Priscilla Warner: Simon & Schuster Speakers Bureau

Priscilla Warner

Co-Author of The Faith Club: A Muslim, A Christian, A Jew—Three Women Search for Understanding and Author of Learning to Breathe

Priscilla Warner grew up in New England, where she began her interfaith education at a Hebrew Day School and a Quaker high school. She graduated from the University of Pennsylvania with a degree in Fine Arts and spent fifteen years as an advertising art director at various ad agencies in Boston and New York. She is the author and illustrator of several children's books and lives with her family in Westchester County, New York.

With her co-authors Ranya Idliby and Suzanne Oliver, the authors of The Faith Club have appeared on NBC-TV’s “Today” Show, Al Jazeera International, “CNN Newsroom” on CNN-TV, and have been featured on the pages of USA Today, Guideposts, and Redbook Magazine.

Despite all her good fortune and success, Warner suffers from anxiety and panic attacks so debilitating that they leave her unable to breathe which led her to write Learning to Breathe. She's tried self-medicating—in high school, with a hidden flask of vodka—and later, with prescription medications—daily doses of Klonopin with a dark-chocolate chaser. After forty years of hyperventilating, and an overwhelming panic attack that's the ultimate wake-up call, Warner's mantra becomes "Neurotic, Heal Thyself." A spirited New Yorker, she sets out to find her inner Tibetan monk by meditating every day, aiming to rewire her brain and her body and mend her frayed nerves. On this winding path from panic to peace, with its hairpin emotional curves and breathtaking drops, she also delves into a wide range of spiritual and alternative health practices, some serious and some . . . not so much. Warner tries spiritual chanting, meditative painting, immersion in a Jewish ritual bath, and quasi-hallucinogenic Ayurvedic oil treatments. She encounters mystical rabbis who teach her Kabbalistic lessons, attends silent retreats with compassionate Buddhist mentors, and gains insights from the spiritual leaders, healers, and therapists she meets. Meditating in malls instead of monasteries, Warner becomes a monk in a minivan and calms down long enough to examine her colorful, sometimes frightening family history in a new light, ultimately making peace with her past. And she receives corroboration that she's healing from a neuroscientist who scans her brain for signs of progress and change. Written with lively wit and humor, Warner's book Learning to Breathe is a serious attempt to heal from a painful condition. It's also a life raft of compassion and hope for people similarly adrift or secretly fearful, as well as an entertaining and inspiring guidebook for anyone facing daily challenges large and small, anyone who is also longing for a sense of peace, self-acceptance, and understanding.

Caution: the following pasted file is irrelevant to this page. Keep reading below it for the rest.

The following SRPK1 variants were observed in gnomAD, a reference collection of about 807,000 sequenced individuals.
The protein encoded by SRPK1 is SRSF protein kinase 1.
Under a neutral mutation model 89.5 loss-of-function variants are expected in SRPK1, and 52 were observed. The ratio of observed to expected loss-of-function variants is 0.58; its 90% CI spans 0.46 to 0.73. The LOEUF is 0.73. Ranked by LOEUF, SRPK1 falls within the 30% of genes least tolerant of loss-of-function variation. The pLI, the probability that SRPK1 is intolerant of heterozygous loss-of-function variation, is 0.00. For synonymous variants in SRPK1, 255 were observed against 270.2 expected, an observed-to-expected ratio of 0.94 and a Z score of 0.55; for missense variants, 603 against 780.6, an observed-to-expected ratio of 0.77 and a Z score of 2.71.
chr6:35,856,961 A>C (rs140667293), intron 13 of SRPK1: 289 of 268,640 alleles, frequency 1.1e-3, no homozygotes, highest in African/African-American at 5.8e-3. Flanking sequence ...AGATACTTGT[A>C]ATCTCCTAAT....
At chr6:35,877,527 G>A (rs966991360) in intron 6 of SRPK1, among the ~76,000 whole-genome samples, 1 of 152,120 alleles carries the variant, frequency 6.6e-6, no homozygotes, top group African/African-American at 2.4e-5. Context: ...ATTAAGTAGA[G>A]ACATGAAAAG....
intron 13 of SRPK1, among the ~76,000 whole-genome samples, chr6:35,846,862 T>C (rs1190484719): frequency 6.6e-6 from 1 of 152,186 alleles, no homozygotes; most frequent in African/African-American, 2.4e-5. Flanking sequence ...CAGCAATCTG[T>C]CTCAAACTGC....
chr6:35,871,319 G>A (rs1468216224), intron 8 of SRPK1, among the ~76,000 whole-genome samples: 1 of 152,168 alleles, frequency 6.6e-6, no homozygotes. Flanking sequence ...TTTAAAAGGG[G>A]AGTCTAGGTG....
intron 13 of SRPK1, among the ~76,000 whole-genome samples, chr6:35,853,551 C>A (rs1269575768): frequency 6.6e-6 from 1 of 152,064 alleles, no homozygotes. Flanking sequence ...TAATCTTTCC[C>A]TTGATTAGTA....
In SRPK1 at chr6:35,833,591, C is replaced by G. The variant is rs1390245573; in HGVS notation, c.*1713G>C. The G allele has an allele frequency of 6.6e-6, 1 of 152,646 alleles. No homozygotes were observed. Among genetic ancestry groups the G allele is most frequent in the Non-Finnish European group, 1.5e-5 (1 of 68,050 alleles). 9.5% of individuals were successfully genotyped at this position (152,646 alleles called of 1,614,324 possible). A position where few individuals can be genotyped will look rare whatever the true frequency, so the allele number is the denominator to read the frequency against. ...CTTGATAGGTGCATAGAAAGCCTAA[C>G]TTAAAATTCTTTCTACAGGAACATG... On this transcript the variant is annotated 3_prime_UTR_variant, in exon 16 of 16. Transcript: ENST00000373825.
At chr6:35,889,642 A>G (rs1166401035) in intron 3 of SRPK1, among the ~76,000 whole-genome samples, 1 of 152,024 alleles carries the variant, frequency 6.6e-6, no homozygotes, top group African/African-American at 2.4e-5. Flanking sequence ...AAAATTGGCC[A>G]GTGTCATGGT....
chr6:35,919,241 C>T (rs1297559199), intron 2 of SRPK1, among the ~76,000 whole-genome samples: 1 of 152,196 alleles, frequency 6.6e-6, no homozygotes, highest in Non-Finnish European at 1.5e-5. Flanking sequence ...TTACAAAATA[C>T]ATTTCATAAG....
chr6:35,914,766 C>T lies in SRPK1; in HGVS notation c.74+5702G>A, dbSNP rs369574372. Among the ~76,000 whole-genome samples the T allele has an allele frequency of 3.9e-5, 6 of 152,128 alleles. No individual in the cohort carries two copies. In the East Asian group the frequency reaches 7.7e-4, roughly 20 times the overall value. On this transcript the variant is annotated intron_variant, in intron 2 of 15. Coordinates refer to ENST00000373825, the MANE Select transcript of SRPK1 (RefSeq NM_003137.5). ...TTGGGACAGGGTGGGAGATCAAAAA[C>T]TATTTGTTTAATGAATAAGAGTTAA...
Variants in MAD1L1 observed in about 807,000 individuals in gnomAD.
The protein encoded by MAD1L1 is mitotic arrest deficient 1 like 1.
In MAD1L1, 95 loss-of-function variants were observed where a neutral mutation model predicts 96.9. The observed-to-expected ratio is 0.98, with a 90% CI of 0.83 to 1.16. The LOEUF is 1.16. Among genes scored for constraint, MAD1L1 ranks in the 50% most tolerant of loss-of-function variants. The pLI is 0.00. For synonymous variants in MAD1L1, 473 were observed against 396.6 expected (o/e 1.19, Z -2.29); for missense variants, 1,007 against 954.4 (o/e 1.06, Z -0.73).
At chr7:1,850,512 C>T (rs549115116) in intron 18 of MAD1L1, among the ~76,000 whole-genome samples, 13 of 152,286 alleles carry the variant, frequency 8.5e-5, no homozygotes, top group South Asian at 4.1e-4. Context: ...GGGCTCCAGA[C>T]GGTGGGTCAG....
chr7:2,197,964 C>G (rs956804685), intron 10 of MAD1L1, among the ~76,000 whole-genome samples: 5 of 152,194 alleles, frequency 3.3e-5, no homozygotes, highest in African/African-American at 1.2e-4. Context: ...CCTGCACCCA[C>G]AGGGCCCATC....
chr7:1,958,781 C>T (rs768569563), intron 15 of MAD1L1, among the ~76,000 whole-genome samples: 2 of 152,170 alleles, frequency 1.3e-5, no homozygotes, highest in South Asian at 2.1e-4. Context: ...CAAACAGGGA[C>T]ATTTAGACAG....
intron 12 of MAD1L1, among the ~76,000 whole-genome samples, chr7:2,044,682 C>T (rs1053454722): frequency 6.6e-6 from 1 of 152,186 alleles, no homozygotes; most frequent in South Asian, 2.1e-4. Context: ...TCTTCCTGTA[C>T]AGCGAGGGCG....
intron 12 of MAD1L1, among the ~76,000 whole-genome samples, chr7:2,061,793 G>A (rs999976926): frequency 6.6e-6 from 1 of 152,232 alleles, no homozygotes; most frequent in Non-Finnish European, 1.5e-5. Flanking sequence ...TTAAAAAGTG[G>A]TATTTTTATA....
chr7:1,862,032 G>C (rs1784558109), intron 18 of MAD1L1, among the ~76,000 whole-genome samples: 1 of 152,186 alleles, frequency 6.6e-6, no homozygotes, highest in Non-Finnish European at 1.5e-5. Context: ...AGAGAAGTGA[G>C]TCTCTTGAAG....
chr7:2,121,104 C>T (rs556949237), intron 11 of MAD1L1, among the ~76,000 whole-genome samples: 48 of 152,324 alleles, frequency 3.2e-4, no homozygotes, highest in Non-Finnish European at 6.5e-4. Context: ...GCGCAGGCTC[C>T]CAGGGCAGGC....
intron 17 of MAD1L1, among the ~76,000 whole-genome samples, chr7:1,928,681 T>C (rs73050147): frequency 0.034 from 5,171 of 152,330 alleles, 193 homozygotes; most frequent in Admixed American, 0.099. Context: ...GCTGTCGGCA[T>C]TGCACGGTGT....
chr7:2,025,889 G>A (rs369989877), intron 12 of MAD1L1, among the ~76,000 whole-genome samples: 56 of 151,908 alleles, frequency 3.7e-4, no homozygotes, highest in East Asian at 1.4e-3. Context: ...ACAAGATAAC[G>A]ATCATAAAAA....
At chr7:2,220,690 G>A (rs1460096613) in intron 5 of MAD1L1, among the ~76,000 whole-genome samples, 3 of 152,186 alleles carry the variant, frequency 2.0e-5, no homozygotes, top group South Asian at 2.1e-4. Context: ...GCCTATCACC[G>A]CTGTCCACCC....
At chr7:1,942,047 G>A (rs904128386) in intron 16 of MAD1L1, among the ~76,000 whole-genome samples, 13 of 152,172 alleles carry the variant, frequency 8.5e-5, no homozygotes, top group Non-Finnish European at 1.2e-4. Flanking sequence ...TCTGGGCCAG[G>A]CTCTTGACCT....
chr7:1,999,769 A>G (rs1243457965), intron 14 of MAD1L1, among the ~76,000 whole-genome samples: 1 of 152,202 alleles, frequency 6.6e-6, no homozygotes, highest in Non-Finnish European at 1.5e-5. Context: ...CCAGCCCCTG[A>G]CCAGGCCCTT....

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  • The Faith Club: A Muslim, A Christian, A Jew—Three Women Search for Understanding

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